Morgen: Many writers (myself included) don’t suffer from writer’s block but inevitably will pause on a current project but have various on the go, so when they return to it it’s easier to carry on. Do you plot your stories or do you just get an idea and run with it?
Julie: I always try to plot but once I start writing it generally runs away with me and I ends up in a completely different direction that I had planned.
Morgen: I love it when that happens, especially when the characters take over. Do you have a method for creating your characters, their names and what do you think makes them believable?
Julie: At the moment this is what I am working on. Generally with sort stories you don't have the time to create a whole backstory for each character as you are only with them for such a short amount of time. However in Skin Deep I am having to make my characters more rounded. I'll reserve judgement at the moment on whether it is working or not ha ha.
Morgen: Do let us know. Do you do a lot of editing or do you find that as time goes on your writing is more fully-formed?
Julie: I always aim to just write it and then go back and edit but I always end up editing as I go, especially if I leave what I'm working on for a few days and then come back to it, I edit what I have done and then continue on. It's worked for me so far.
Morgen: Leaving it is the best thing to do. We’re invariably too close to what we’re writing to see objectively. Do you have to do much research?
Julie: Not as yet but I always think reading widely is research in itself.
Morgen: Reading is often advice given and as writers we should be readers too. What point of view do you find most to your liking: first person or third person? Have you ever tried second person?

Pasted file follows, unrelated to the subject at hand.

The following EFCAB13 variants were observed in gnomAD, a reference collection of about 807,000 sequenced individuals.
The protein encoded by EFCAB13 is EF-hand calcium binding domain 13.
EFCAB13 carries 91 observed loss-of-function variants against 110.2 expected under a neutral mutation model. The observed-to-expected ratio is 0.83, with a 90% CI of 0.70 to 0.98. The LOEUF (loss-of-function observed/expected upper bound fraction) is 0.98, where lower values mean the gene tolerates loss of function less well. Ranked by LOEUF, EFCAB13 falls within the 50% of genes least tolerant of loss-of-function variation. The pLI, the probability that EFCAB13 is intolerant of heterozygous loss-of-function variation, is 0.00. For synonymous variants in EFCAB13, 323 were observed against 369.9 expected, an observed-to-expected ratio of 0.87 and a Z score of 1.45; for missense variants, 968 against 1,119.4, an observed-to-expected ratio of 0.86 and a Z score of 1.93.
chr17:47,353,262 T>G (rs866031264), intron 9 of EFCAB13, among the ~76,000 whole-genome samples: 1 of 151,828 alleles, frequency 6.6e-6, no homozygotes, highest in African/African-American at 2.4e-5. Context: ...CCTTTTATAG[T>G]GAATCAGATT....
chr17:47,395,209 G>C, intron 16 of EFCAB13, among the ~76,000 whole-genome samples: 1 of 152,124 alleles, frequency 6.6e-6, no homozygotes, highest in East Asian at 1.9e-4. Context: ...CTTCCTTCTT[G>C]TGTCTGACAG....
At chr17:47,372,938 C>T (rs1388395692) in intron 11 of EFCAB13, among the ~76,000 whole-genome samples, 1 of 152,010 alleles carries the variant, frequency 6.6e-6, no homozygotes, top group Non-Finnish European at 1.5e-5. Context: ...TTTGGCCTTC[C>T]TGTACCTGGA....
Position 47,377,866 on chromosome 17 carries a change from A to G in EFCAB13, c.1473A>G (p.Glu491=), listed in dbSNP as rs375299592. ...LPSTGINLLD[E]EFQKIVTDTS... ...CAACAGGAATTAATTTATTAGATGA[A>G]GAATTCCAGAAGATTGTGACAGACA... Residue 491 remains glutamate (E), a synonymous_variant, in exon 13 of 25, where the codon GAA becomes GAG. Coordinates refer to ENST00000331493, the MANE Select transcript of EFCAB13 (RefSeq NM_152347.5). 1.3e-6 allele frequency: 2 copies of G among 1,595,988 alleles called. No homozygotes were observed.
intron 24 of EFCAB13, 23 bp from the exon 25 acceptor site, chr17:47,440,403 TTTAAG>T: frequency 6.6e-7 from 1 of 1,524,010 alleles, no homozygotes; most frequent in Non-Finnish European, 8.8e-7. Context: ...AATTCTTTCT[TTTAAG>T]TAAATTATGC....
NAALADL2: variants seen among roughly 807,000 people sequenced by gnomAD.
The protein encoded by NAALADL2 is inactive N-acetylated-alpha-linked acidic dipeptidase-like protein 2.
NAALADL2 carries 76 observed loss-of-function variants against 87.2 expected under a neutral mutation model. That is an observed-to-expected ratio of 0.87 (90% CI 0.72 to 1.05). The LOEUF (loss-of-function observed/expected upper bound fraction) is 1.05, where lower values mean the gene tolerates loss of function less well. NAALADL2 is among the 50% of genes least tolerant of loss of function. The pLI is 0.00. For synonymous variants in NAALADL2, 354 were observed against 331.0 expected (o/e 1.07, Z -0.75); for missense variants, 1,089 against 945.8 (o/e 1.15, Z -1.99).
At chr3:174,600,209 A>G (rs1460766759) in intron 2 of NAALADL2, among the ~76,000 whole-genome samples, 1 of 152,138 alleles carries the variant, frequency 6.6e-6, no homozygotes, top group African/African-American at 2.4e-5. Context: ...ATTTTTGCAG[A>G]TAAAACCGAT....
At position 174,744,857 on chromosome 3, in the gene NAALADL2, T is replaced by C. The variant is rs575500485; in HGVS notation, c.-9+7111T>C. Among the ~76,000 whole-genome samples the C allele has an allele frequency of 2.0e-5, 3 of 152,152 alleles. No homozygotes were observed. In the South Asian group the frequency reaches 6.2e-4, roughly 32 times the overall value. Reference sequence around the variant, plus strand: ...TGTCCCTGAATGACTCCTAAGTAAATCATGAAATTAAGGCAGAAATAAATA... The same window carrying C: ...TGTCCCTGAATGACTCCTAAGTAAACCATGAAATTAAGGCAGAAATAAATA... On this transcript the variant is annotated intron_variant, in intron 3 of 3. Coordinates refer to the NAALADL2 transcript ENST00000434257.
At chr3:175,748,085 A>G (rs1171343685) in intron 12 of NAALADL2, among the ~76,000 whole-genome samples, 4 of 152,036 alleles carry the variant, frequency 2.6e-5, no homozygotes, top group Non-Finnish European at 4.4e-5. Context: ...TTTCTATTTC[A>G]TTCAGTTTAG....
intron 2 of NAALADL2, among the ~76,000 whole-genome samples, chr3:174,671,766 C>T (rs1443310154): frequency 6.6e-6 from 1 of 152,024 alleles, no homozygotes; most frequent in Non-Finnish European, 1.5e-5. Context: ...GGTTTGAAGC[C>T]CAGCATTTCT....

Julie: I use all of them and I absolutely love writing in second person although it took me a while to get to grips with. The story “Obsession” that I mentioned earlier is written in the second person as is “That Sinking Feeling” which is in the book “Picnic Nightmares” by Static Movement to be released later this year.
Morgen: Oh yay! It’s my favourite point of view. I’ve never submitted any but I should. It’s said everyone has a novel inside them, do you think you might go for longer projects?
Julie: I aim to write full length novels but I believe in starting small and working up. Also, having a relationship with publishers will hopefully stand me in good stead when I come to submitting a longer piece.
Morgen: How about poetry or non-fiction?
Julie: I only write poetry when I am sad and no one is allowed to see that ha ha.
Morgen: Oh yes. I have some of those. Do you have any other pieces of work that you think will never see light of day?
Julie: Yes. In it's current form. I started to write a novella about a cult which I have put away unfinished but you never know I may resurrect it in the future as something else.
Morgen: Have you had any rejections? If so, how do you deal with them?
Julie: I am very lucky and proud (if not a little bashful) to say that I have never had a rejection. YET. I know they will come and I do try to steel myself every time I submit a story. I tell myself, this is the one they will refuse and then if they accept I am doubly happy.